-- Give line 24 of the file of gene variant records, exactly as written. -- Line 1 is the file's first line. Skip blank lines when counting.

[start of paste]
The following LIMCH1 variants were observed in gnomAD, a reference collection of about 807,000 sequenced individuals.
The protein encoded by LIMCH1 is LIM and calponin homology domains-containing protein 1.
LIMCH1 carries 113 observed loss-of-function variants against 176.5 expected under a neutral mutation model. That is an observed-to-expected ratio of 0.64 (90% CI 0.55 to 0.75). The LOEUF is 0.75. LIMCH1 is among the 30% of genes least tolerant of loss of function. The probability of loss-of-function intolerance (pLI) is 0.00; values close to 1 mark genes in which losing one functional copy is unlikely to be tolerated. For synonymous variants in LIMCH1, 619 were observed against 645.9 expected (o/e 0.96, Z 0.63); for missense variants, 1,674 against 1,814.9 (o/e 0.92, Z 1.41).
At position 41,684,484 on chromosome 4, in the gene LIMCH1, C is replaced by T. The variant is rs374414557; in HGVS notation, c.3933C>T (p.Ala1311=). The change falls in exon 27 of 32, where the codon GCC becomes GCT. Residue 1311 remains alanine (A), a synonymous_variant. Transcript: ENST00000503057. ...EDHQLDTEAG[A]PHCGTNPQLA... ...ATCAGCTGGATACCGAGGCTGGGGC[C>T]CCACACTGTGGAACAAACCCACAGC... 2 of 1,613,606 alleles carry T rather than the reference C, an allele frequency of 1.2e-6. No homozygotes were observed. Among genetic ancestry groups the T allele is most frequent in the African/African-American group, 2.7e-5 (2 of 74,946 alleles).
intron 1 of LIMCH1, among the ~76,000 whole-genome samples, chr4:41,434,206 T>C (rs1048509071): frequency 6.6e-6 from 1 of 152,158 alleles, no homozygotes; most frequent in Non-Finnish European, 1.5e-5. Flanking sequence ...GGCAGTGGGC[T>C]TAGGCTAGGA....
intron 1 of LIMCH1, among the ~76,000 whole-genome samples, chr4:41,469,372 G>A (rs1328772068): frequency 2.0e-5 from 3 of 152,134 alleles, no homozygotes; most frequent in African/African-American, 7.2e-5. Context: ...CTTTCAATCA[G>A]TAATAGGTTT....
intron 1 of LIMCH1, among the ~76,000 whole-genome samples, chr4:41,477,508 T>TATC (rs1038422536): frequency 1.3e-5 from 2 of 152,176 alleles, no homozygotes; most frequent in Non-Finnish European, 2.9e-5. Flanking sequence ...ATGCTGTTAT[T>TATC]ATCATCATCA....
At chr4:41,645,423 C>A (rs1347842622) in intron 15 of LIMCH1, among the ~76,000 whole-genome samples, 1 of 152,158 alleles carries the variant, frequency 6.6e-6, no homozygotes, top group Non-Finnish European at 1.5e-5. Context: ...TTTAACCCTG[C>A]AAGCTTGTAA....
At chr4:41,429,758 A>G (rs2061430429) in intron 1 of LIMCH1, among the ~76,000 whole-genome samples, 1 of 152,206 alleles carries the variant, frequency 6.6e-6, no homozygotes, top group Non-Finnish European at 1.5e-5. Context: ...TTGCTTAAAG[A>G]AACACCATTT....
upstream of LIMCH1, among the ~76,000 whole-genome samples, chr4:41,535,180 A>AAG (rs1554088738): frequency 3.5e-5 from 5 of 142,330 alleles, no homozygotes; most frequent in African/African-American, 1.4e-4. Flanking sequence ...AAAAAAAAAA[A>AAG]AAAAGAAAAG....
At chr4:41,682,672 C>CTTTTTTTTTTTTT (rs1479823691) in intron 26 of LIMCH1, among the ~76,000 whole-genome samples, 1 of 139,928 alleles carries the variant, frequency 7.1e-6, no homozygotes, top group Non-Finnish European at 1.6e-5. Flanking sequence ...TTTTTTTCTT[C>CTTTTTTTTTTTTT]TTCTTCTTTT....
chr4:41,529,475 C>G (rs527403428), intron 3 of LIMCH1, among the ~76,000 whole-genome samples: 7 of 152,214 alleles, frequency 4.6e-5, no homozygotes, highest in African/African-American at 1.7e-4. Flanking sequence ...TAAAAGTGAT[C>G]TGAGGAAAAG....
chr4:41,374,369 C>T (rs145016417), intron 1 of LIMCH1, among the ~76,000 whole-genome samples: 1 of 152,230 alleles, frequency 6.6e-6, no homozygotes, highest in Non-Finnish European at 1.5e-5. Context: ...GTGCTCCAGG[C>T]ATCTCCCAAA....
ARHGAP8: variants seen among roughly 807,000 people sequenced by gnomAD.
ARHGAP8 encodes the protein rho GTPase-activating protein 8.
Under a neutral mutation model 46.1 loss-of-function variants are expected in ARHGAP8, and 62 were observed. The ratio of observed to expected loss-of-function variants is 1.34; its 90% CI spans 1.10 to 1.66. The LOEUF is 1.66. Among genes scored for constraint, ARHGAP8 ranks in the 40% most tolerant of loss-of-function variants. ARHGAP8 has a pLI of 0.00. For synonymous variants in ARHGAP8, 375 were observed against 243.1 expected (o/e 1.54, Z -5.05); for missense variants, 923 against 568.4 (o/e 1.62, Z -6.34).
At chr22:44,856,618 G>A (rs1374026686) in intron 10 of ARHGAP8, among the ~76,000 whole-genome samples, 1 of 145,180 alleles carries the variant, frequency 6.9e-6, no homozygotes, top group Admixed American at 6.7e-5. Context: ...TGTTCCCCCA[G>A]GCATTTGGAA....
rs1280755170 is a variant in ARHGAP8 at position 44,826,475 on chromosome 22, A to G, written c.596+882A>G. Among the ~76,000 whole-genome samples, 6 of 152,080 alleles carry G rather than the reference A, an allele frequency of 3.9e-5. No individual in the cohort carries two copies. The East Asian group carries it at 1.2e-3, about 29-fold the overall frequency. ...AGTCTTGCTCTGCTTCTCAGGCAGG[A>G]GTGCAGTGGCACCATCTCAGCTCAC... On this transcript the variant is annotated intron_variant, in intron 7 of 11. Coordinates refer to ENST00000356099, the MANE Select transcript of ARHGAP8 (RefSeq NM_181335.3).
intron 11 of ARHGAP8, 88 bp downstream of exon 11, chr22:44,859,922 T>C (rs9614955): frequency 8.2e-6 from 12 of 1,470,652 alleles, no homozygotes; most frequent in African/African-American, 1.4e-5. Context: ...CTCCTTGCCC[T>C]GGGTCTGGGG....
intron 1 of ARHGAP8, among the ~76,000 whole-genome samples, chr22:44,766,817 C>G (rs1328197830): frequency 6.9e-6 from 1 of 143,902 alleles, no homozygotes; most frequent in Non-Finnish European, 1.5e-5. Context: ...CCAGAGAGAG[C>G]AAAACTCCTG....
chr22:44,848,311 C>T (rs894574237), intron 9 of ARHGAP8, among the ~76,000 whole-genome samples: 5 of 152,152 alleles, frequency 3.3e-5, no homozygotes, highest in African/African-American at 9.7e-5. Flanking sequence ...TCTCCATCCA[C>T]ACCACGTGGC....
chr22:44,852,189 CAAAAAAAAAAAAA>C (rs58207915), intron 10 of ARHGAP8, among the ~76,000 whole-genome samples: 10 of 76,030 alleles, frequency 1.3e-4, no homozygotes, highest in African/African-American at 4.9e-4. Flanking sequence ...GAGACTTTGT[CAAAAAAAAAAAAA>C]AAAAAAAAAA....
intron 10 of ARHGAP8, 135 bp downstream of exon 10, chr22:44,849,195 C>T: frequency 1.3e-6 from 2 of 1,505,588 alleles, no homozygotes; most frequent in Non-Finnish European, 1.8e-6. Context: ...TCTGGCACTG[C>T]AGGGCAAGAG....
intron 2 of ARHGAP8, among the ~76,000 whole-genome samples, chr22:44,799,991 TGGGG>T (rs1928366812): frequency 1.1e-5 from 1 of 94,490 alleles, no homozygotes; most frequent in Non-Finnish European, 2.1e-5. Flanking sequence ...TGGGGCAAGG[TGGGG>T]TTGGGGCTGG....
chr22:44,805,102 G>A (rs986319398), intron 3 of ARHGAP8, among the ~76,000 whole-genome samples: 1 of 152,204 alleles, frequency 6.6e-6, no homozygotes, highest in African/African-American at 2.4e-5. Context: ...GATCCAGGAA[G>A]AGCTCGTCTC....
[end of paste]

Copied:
intron 2 of ARHGAP8, among the ~76,000 whole-genome samples, chr22:44,799,991 TGGGG>T (rs1928366812): frequency 1.1e-5 from 1 of 94,490 alleles, no homozygotes; most frequent in Non-Finnish European, 2.1e-5. Flanking sequence ...TGGGGCAAGG[TGGGG>T]TTGGGGCTGG....